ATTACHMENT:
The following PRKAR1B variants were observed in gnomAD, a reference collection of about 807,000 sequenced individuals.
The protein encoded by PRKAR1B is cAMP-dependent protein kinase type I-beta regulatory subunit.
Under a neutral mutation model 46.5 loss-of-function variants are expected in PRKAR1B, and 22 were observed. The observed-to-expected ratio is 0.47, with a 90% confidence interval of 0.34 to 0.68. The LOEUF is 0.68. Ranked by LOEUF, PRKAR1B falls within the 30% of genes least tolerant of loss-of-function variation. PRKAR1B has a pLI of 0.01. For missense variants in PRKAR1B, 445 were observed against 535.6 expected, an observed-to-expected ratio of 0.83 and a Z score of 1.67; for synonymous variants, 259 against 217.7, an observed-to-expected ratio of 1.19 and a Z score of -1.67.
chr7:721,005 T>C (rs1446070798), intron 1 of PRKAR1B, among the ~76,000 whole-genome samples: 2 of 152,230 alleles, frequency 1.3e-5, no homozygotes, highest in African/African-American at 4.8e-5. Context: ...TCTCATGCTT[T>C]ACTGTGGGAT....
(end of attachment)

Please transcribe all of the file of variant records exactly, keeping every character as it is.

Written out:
The following PRKAR1B variants were observed in gnomAD, a reference collection of about 807,000 sequenced individuals.
The protein encoded by PRKAR1B is cAMP-dependent protein kinase type I-beta regulatory subunit.
Under a neutral mutation model 46.5 loss-of-function variants are expected in PRKAR1B, and 22 were observed. The observed-to-expected ratio is 0.47, with a 90% confidence interval of 0.34 to 0.68. The LOEUF is 0.68. Ranked by LOEUF, PRKAR1B falls within the 30% of genes least tolerant of loss-of-function variation. PRKAR1B has a pLI of 0.01. For missense variants in PRKAR1B, 445 were observed against 535.6 expected, an observed-to-expected ratio of 0.83 and a Z score of 1.67; for synonymous variants, 259 against 217.7, an observed-to-expected ratio of 1.19 and a Z score of -1.67.
chr7:721,005 T>C (rs1446070798), intron 1 of PRKAR1B, among the ~76,000 whole-genome samples: 2 of 152,230 alleles, frequency 1.3e-5, no homozygotes, highest in African/African-American at 4.8e-5. Context: ...TCTCATGCTT[T>C]ACTGTGGGAT....